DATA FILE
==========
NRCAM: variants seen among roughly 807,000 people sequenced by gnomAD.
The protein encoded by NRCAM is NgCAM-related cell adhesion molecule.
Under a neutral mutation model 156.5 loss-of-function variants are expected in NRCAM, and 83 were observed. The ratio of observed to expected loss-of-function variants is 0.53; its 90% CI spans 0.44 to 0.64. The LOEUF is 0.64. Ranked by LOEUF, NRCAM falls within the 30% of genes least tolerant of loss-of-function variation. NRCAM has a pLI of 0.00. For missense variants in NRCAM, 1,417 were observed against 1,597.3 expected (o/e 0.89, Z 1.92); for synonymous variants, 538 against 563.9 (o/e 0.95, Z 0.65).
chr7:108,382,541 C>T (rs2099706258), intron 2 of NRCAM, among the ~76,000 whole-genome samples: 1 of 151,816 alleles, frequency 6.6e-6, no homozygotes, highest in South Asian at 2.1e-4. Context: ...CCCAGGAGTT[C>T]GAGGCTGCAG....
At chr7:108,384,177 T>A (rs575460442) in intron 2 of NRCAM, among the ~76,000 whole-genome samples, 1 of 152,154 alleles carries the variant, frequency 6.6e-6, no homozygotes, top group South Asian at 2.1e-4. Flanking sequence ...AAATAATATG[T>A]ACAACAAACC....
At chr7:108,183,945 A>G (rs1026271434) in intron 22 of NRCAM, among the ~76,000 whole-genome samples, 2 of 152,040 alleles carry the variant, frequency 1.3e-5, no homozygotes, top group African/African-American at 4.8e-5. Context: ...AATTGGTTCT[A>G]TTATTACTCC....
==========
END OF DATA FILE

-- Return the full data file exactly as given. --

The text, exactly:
NRCAM: variants seen among roughly 807,000 people sequenced by gnomAD.
The protein encoded by NRCAM is NgCAM-related cell adhesion molecule.
Under a neutral mutation model 156.5 loss-of-function variants are expected in NRCAM, and 83 were observed. The ratio of observed to expected loss-of-function variants is 0.53; its 90% CI spans 0.44 to 0.64. The LOEUF is 0.64. Ranked by LOEUF, NRCAM falls within the 30% of genes least tolerant of loss-of-function variation. NRCAM has a pLI of 0.00. For missense variants in NRCAM, 1,417 were observed against 1,597.3 expected (o/e 0.89, Z 1.92); for synonymous variants, 538 against 563.9 (o/e 0.95, Z 0.65).
chr7:108,382,541 C>T (rs2099706258), intron 2 of NRCAM, among the ~76,000 whole-genome samples: 1 of 151,816 alleles, frequency 6.6e-6, no homozygotes, highest in South Asian at 2.1e-4. Context: ...CCCAGGAGTT[C>T]GAGGCTGCAG....
At chr7:108,384,177 T>A (rs575460442) in intron 2 of NRCAM, among the ~76,000 whole-genome samples, 1 of 152,154 alleles carries the variant, frequency 6.6e-6, no homozygotes, top group South Asian at 2.1e-4. Flanking sequence ...AAATAATATG[T>A]ACAACAAACC....
At chr7:108,183,945 A>G (rs1026271434) in intron 22 of NRCAM, among the ~76,000 whole-genome samples, 2 of 152,040 alleles carry the variant, frequency 1.3e-5, no homozygotes, top group African/African-American at 4.8e-5. Context: ...AATTGGTTCT[A>G]TTATTACTCC....